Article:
It was at this prom where I met another high schooler who did photos for people. We talked a bit and she showed me how she made most of her money and got clients. At this point, I transitioned over to a business Instagram and changed the theme of my account so it would be better at getting people to contact me. I also decided that the portrait lens my parents had bought me wouldn’t suffice anymore, so I went and bought my own portrait lens, using the money I had made from my other photoshoots.
That summer, I offered myself out to all my friends to take photos in order to improve my editing skills. While I was pretty good at taking photos, that was only half the experience you were selling to your client, so I figured I had to improve my abilities. I went on a lot of photoshoots all around where I lived, scouting out new locations and getting photos to post on my Instagram. I developed my own set of custom presets for my photos so that I would be able to quickly edit them and learned how to use the photo editing tools available to me.
Side Hustle Taking Off
By the time school rolled back around, I was ready to shoot senior photos for everyone. Coming from a small school, there were no other photographers in our grade, and I had a monopoly on the senior photos. It also helped that I was friends with a bunch of people from neighboring high schools. I took their photos and they were happy with them, so they started recommending me to people at those schools as well.
Soon, I was doing four to five photoshoots a week. My days were entirely based around my photo business. I would leave school, go straight to a photoshoot, come home and edit my photos, do some homework and sleep. While the work was tiring, it was worth it - by the end of the senior photo season I had shot photos for about forty people and made a considerable amount of money.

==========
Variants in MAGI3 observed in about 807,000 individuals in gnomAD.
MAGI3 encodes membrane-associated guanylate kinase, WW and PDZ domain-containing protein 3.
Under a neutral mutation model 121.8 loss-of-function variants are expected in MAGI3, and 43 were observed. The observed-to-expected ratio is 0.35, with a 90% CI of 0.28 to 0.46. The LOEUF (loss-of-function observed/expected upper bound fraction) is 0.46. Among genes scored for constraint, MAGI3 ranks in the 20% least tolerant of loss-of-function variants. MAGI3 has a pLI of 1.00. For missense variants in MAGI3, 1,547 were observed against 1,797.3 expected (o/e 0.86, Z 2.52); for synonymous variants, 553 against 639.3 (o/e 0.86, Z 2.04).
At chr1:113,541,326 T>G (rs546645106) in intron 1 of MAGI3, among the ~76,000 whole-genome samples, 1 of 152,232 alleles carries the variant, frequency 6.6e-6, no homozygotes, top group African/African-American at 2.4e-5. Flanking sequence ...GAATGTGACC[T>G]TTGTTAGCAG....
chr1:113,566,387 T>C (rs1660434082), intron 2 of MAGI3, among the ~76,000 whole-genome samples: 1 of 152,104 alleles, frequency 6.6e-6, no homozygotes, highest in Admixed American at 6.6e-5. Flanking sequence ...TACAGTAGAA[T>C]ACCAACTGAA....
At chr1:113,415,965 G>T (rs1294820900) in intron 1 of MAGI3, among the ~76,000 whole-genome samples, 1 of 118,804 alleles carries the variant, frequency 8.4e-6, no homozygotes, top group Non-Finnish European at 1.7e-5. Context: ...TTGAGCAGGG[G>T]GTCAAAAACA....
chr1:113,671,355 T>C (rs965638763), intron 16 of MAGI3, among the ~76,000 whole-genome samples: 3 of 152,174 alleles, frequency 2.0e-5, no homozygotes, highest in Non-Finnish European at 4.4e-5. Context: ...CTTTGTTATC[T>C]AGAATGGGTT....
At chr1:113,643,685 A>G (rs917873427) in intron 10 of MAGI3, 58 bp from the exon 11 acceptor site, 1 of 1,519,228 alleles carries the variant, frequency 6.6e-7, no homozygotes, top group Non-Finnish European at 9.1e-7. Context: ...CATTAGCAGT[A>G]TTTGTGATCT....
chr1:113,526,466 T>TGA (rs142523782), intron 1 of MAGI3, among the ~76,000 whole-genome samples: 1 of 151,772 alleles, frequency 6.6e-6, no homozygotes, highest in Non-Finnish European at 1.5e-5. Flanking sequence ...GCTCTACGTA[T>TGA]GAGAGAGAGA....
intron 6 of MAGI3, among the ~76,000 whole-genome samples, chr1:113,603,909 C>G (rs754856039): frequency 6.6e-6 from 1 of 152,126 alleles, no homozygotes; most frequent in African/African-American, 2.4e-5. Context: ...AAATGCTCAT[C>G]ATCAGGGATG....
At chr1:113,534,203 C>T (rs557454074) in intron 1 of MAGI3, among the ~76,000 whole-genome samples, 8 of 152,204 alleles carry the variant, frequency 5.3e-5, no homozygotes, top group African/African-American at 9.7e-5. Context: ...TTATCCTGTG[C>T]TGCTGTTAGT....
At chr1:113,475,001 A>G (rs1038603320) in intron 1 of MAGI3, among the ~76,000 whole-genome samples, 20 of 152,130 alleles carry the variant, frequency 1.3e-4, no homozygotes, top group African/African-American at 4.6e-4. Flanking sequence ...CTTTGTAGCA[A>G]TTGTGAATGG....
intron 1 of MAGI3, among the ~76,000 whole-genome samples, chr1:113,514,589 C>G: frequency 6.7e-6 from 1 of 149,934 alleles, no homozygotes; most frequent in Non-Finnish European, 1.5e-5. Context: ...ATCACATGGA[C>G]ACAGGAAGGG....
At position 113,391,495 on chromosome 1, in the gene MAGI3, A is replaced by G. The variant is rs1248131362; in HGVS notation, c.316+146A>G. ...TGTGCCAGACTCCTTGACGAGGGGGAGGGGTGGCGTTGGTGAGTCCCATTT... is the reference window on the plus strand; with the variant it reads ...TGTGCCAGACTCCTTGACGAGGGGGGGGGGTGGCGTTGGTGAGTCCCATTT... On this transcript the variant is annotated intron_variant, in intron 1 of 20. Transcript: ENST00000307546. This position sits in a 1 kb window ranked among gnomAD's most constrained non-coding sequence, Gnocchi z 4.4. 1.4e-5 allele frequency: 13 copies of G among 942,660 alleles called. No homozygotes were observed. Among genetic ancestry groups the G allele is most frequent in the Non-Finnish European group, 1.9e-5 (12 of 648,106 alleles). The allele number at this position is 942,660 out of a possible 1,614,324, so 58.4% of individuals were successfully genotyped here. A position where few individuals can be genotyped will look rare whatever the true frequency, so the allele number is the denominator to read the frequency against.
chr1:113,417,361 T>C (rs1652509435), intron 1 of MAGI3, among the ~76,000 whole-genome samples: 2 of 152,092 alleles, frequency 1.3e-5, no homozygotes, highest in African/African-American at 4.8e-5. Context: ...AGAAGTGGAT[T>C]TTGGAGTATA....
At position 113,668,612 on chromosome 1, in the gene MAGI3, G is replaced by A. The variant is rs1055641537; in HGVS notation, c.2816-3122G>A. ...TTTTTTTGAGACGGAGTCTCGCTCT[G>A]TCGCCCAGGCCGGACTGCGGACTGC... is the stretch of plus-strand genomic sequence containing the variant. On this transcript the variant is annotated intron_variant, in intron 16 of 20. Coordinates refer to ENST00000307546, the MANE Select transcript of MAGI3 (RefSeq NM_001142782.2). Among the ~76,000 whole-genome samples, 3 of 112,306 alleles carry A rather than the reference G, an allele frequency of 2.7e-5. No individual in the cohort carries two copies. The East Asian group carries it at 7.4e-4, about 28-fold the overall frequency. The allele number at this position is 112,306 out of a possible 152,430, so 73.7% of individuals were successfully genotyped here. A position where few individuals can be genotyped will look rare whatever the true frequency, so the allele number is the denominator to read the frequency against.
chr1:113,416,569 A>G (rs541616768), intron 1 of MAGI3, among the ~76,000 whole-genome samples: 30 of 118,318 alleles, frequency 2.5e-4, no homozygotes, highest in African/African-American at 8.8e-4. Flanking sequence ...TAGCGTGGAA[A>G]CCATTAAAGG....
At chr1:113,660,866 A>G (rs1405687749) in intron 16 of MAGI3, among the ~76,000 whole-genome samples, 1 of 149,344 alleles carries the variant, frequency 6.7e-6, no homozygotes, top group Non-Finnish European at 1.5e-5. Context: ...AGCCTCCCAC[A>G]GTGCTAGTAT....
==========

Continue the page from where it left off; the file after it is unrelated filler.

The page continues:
While the senior photo season may be over, I now have the skills to take and edit photos worth selling, and an established presence on Instagram as well as the local high schools in my area. I anticipate taking more photos for people throughout the end of the school year and will probably continue my photography side-gig into college. My attempt to make my own photography business may be far cry from a legitimate business, but it has taught me a lot about time, working with your clients, money management and marketing. The biggest thing I learned through this whole process was that I need to believe in my worth - I started out underselling myself. When your clients are telling you “you probably should have charged more,” and you’re struggling to have time to meet all the demand, its probably time to charge more.
As for college – I’m going to have to keep hustling. School is expensive and I will have to support myself. I’d rather be busy than bored, and I’d rather be tired than broke, so I’m going to keep myself out there trying to make money and further my business. I am determined to make my dream a reality and will keep working until I get there.
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Check out the other finalists here: 2020 Side Hustlin’ Student Scholarship Results Page.